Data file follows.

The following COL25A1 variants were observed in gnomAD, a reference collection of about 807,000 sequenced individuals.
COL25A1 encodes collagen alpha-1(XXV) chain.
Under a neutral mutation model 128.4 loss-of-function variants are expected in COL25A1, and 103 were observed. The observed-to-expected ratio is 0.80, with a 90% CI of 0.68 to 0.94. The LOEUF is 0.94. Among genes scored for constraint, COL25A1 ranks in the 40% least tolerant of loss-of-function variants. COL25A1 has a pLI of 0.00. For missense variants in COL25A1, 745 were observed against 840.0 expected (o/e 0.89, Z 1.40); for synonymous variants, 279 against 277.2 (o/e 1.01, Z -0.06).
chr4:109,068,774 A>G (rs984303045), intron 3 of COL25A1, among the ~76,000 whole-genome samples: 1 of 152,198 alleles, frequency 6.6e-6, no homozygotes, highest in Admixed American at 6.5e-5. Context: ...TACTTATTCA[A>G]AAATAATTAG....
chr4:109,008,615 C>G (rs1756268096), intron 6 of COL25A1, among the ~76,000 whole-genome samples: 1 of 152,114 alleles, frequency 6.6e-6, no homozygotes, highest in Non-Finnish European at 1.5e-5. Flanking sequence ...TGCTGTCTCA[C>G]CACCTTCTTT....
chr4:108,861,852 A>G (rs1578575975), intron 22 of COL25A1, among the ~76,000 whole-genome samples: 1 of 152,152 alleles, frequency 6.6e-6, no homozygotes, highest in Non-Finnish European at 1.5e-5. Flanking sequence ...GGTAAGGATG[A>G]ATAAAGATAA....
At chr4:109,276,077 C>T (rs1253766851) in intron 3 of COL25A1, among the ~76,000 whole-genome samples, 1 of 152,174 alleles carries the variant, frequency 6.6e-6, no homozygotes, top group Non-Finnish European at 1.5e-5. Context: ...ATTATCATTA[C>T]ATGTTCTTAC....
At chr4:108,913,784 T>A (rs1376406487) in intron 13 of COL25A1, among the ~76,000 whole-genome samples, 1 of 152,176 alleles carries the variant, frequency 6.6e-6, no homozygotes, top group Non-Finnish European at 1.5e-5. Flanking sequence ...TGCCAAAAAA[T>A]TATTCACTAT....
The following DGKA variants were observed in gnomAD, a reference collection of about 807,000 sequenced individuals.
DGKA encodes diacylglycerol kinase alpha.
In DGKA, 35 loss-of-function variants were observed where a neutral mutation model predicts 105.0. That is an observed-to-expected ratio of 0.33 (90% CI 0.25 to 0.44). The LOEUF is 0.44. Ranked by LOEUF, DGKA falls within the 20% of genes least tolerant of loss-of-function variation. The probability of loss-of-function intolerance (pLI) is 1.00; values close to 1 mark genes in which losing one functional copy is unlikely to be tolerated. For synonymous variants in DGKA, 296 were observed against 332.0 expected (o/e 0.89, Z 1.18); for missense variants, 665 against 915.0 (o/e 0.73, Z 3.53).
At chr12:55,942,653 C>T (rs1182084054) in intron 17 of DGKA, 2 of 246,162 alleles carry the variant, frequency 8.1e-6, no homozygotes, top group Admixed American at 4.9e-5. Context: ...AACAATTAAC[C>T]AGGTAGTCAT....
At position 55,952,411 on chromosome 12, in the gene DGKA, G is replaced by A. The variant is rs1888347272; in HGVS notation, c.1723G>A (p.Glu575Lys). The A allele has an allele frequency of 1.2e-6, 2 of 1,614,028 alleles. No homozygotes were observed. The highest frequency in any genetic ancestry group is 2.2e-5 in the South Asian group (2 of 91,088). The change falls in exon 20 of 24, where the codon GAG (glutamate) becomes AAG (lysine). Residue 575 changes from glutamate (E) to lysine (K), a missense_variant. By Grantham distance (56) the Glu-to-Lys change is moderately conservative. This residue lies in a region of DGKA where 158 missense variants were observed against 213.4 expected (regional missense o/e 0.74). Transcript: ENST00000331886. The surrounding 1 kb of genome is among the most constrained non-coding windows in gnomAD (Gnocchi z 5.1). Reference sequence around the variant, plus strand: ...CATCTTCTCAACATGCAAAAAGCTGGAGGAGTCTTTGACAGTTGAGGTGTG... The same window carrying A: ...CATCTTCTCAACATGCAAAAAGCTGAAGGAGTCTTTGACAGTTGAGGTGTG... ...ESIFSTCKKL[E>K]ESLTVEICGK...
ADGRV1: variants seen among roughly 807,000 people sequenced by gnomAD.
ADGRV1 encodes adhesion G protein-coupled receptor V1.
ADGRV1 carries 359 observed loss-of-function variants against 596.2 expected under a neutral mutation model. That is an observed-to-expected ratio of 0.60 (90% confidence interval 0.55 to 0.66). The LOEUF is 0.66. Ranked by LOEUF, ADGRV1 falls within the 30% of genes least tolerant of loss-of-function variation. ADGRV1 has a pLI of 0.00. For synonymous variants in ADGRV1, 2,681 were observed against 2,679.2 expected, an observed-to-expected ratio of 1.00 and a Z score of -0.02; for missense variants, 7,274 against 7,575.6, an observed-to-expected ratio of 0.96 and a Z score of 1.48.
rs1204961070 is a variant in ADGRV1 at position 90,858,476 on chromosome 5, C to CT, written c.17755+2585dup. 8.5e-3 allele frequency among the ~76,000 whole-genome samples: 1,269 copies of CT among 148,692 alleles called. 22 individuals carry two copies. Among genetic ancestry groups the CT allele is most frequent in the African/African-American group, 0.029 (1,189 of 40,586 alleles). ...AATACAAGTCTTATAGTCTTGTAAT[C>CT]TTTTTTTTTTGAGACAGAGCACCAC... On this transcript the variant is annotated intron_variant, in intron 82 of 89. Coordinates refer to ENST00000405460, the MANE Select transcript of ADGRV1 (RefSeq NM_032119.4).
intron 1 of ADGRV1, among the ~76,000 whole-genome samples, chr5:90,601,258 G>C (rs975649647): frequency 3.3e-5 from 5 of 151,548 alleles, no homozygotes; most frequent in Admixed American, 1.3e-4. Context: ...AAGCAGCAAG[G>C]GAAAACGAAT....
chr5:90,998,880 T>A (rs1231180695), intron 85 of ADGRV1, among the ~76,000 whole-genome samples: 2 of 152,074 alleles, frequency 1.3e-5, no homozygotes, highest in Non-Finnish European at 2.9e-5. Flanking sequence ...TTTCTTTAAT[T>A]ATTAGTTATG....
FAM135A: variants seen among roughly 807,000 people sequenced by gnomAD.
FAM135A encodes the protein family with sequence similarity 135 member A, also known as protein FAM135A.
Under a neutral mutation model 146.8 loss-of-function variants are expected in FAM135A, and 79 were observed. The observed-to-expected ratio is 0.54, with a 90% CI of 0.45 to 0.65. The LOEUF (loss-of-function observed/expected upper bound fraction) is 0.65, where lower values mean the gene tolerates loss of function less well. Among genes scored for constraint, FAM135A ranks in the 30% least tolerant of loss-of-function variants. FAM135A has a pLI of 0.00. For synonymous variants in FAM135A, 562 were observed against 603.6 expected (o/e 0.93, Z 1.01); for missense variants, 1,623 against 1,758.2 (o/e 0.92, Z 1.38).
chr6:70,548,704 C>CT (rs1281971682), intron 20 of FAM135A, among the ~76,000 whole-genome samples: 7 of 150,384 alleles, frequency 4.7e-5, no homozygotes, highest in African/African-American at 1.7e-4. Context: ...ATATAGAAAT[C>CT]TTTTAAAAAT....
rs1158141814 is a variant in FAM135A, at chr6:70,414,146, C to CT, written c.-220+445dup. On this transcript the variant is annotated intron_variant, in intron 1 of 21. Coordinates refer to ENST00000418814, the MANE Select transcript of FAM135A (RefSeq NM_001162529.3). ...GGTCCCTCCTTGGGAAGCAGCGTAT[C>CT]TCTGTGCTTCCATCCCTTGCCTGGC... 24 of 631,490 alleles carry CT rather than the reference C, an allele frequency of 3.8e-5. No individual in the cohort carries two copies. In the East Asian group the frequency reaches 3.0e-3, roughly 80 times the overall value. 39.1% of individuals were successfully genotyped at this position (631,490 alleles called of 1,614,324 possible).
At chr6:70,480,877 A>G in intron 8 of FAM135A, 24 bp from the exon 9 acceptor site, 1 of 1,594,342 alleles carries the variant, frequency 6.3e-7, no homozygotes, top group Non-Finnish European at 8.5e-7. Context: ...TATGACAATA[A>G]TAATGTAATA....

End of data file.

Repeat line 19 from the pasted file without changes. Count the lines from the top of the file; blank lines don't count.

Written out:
chr5:90,998,880 T>A (rs1231180695), intron 85 of ADGRV1, among the ~76,000 whole-genome samples: 2 of 152,074 alleles, frequency 1.3e-5, no homozygotes, highest in Non-Finnish European at 2.9e-5. Flanking sequence ...TTTCTTTAAT[T>A]ATTAGTTATG....